were excluded from the Report, and why were they excluded? We were advised that
          data related to global warming issues were not in the report. EPA will need to be
          prepared to address why the Report does not include global climate change,
          greenhouse gases, and other major issues.

          What additional environmental indicators would EPA have wished to include in the
          Report for which adequate data were not available? Does  EPA have any
          recommendations for improving data quality and applicability?

          How will EPA address the data gaps identified in the Report? Does EPA plan to
          develop a strategy to address the data gaps?

Addressing Report Findings

       Regardless of whether EPA includes in the Report any explicit qualitative statements
regarding the state of the environment, progress in addressing environmental issues or the
efficacy of its policies and programs, the Report's varied audience, - both intended and
unintended, - will almost certainly arrive at conclusions supportive of their unique perspectives.
EPA will  need to anticipate the  varied and conflicting conclusions that will be drawn, and be
prepared to discuss action items that the Agency is contemplating to address the Report's
findings as well as the audience conclusions.

       The public will want to know how EPA plans to act on the data it reports. EPA will need
to pay particular attention to the content of the Report in relation to its recently released draft
Strategic Plan, since the Report will almost certainly contain information that informed, or
should have informed, the Agency's Goals and Objectives identified in the Strategic Plan
Potential early criticisms of the  Agency will be the perceptions that the Report should have
preceded  rather than followed the Strategic Plan, and that the Report and the Strategic Plan
should have corresponding structures that allow coordinated review of both documents.

Public Dialogue Expectations

       To foster constructive public dialogue, EPA will need to clearly identify what types of
information and feedback it seeks to gamer from the public dialogue. EPA should also consider
establishing two  independent tracks for the public dialogue, one aimed at environmental
professionals, another aimed at policy makers and the general public.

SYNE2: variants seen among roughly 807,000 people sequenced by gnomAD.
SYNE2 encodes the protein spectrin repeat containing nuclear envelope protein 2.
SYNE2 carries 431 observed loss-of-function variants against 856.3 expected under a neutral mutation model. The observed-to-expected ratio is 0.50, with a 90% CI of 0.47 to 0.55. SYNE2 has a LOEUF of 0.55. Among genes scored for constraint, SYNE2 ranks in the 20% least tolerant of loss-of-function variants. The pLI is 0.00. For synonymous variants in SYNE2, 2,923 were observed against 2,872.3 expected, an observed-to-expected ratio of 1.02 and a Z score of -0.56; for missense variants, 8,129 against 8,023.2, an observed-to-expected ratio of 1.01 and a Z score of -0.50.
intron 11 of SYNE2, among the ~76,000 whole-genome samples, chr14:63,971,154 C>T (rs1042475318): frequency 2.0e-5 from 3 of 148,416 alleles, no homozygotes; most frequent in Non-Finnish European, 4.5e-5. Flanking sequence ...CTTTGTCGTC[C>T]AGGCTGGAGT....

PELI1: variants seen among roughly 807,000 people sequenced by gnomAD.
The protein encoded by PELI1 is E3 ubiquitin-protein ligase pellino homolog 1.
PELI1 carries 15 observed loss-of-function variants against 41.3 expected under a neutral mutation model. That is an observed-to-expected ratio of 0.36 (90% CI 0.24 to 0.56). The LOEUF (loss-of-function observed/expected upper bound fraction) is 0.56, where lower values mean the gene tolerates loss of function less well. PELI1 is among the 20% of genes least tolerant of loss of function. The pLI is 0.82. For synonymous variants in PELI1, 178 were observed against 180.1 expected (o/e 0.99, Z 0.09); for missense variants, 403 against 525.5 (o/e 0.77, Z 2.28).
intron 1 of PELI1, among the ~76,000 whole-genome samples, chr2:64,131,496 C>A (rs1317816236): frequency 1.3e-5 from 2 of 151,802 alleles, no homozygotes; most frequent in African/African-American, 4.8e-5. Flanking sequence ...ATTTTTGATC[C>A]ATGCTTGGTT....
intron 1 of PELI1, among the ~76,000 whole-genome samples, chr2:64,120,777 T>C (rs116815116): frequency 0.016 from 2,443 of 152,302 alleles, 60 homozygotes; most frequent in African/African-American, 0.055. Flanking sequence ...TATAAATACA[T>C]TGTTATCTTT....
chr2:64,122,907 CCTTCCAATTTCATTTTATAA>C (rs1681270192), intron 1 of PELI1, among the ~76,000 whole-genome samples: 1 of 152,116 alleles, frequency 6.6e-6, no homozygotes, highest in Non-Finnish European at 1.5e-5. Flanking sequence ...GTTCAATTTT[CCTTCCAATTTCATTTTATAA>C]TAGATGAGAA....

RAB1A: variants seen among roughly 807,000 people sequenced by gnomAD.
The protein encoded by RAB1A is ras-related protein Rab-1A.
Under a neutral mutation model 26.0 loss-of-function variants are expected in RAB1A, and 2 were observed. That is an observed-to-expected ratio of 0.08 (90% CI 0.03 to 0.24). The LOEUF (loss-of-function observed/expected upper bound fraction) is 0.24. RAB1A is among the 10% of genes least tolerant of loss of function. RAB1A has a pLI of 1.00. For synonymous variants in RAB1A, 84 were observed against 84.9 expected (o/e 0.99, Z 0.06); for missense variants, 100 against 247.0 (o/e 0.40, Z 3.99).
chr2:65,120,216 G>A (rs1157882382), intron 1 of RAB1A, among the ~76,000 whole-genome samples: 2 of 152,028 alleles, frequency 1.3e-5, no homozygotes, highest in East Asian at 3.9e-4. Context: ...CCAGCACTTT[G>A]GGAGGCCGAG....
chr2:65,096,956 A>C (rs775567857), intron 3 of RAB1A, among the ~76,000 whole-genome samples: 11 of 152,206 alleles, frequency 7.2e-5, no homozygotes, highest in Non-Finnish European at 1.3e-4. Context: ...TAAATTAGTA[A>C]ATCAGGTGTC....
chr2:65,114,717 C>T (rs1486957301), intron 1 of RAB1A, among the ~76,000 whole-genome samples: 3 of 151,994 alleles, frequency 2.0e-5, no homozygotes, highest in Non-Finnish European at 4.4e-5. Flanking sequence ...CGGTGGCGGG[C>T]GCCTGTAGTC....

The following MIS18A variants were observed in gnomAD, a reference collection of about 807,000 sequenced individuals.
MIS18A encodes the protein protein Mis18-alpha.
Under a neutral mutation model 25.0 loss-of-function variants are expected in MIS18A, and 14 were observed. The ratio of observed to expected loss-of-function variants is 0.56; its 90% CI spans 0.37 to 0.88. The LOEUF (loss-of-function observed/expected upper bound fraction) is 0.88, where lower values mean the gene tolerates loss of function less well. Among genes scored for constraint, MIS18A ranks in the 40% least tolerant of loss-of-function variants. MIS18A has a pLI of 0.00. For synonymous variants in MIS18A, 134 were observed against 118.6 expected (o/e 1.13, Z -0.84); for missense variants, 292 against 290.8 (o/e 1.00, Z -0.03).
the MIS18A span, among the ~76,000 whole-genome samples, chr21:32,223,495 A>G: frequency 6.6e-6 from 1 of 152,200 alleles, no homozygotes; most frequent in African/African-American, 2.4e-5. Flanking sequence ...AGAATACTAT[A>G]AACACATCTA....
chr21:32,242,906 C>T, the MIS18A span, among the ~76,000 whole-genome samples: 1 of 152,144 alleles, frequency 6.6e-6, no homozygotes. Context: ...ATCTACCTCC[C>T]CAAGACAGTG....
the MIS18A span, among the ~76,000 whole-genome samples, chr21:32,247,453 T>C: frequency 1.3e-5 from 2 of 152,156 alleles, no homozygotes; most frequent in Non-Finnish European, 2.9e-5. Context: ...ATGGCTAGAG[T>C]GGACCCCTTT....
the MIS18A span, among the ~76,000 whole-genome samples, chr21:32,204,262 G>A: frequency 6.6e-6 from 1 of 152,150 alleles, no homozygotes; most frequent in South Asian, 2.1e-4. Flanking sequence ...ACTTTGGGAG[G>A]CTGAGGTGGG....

Will the Agency seek technical peer review of its environmental indicators  selection,
          data management and interpretation?

          Will the Agency invite submittal of measurement data both in support of and contrary
          to the conclusions stated in the Report?

          Will data be accepted from across the spectrum of stakeholders that perform
          environmental monitoring?

          Is the Agency including environmental advocacy and environmental justice groups in
          its definition of environmental professionals? At a minimum, the Agency should
          provide a formal consultation opportunity for groups/constituencies represented on its
          various advisory bodies.

          How  will EPA communicate to its audiences that it collectively needs to address the
          data gaps? The Agency should be careful not to allow the discussion of data
          uncertainties to undermine the remarkable progress that has been attained.

          Will EPA offer a plan or express its intention to work with other agencies/experts on
          improving data collection for indicators where it has observed gaps or weaknesses
          and where no process is currently in place to collect future data on what the Report
          has identified as a significant issue or question?

          The Agency should consider inviting state, local and other federal agencies to
          participate as co-sponsors of the public dialogue.

          The Agency should prepare a media packet, including charts and bullets addressing
          the main points of the report.  These materials also should form the basis for the
          report summary presentations during the public dialogue meetings.  EPA should not
          leave it to the media and other interests to determine what is important

          How  will the Agency handle the inevitable comments on policy and program
          effectiveness that will arise during the public dialogue process?